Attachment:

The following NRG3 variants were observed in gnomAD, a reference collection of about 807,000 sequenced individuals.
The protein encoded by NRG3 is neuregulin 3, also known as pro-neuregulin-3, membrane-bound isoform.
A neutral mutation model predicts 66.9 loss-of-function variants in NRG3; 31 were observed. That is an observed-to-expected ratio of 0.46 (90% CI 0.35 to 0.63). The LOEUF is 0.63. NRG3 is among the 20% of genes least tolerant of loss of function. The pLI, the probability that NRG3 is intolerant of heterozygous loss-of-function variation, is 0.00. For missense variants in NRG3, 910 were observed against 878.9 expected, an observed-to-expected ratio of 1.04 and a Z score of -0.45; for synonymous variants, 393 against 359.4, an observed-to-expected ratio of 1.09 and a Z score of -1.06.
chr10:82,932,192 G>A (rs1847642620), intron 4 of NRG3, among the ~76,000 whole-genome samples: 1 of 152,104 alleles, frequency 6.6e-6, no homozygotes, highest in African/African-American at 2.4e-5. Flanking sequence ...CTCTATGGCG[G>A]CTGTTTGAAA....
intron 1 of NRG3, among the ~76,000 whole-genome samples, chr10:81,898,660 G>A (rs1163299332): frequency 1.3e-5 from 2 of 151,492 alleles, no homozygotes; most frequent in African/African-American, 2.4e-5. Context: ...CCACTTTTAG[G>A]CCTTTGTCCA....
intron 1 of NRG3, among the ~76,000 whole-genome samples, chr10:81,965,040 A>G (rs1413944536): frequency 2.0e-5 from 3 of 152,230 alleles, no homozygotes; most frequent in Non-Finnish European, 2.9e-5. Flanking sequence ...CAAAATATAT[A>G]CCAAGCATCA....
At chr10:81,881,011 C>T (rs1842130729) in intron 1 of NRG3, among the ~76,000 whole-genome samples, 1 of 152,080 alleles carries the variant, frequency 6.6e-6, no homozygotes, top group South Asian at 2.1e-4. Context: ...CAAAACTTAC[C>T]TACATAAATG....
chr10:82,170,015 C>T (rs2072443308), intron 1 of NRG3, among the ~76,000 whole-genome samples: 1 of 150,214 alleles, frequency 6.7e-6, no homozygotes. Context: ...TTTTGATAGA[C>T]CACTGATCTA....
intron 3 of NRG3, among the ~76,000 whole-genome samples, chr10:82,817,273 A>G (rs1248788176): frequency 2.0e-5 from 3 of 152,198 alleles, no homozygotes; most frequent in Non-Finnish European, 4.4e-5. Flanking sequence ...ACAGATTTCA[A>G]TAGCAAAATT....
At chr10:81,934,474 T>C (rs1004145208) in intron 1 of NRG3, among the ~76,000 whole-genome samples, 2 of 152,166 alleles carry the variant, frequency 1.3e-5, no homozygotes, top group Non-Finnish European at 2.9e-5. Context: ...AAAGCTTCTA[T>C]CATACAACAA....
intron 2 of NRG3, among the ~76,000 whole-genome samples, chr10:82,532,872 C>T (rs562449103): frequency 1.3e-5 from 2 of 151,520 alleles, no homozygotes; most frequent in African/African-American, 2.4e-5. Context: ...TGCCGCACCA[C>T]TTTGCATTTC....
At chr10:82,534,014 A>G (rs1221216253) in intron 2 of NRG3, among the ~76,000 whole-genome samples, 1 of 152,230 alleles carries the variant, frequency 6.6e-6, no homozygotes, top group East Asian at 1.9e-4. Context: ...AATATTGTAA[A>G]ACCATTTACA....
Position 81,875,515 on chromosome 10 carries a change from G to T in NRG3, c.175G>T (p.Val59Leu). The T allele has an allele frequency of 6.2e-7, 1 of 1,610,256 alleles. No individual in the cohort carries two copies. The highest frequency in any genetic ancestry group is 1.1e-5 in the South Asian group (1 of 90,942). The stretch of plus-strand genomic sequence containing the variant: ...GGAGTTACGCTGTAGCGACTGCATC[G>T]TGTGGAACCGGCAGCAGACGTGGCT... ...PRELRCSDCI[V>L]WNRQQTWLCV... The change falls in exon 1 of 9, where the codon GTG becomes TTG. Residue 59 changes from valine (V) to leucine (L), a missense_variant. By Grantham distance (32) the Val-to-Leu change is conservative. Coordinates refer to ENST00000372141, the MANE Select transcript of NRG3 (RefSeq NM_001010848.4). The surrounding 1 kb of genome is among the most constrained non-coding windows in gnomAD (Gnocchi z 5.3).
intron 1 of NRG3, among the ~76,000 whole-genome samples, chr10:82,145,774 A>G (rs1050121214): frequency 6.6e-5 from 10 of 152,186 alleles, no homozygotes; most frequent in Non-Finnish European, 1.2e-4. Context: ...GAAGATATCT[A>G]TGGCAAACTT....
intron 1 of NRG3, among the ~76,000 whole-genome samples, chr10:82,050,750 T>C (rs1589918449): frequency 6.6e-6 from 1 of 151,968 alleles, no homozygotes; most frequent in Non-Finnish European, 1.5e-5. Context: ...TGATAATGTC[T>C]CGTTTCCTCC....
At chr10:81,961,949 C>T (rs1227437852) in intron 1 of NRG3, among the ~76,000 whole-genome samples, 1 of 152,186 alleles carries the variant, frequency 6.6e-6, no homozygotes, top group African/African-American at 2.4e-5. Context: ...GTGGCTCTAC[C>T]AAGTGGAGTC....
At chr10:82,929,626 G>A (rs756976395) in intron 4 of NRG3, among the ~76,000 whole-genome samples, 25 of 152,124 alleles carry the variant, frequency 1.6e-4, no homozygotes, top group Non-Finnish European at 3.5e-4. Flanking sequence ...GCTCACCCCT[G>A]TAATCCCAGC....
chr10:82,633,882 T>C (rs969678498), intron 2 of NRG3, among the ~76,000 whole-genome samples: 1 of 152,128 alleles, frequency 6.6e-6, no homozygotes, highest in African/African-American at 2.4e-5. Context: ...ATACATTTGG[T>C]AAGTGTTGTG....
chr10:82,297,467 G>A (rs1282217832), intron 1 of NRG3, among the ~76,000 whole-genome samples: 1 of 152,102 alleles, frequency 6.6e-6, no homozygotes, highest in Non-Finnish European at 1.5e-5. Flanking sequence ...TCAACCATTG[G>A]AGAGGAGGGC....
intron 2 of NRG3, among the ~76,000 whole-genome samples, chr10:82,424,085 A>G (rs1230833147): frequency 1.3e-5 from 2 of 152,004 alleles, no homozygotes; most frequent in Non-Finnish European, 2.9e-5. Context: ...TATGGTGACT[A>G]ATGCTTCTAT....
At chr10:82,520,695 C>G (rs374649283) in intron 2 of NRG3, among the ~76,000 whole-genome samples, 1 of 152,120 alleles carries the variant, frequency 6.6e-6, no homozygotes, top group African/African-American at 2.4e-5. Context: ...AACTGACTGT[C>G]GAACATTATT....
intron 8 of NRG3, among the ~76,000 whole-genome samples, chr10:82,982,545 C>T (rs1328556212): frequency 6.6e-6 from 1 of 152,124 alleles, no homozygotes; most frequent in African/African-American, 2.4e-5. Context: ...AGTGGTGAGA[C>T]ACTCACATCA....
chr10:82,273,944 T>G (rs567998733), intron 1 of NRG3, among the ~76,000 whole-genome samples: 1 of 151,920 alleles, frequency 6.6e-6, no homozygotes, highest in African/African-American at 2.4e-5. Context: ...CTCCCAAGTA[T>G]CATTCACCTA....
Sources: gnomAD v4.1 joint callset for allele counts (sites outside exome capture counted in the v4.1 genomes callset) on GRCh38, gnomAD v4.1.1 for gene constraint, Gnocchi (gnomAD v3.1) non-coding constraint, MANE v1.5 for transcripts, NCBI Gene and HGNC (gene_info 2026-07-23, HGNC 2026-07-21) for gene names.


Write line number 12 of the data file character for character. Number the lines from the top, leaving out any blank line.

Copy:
At chr10:82,534,014 A>G (rs1221216253) in intron 2 of NRG3, among the ~76,000 whole-genome samples, 1 of 152,230 alleles carries the variant, frequency 6.6e-6, no homozygotes, top group East Asian at 1.9e-4. Context: ...AATATTGTAA[A>G]ACCATTTACA....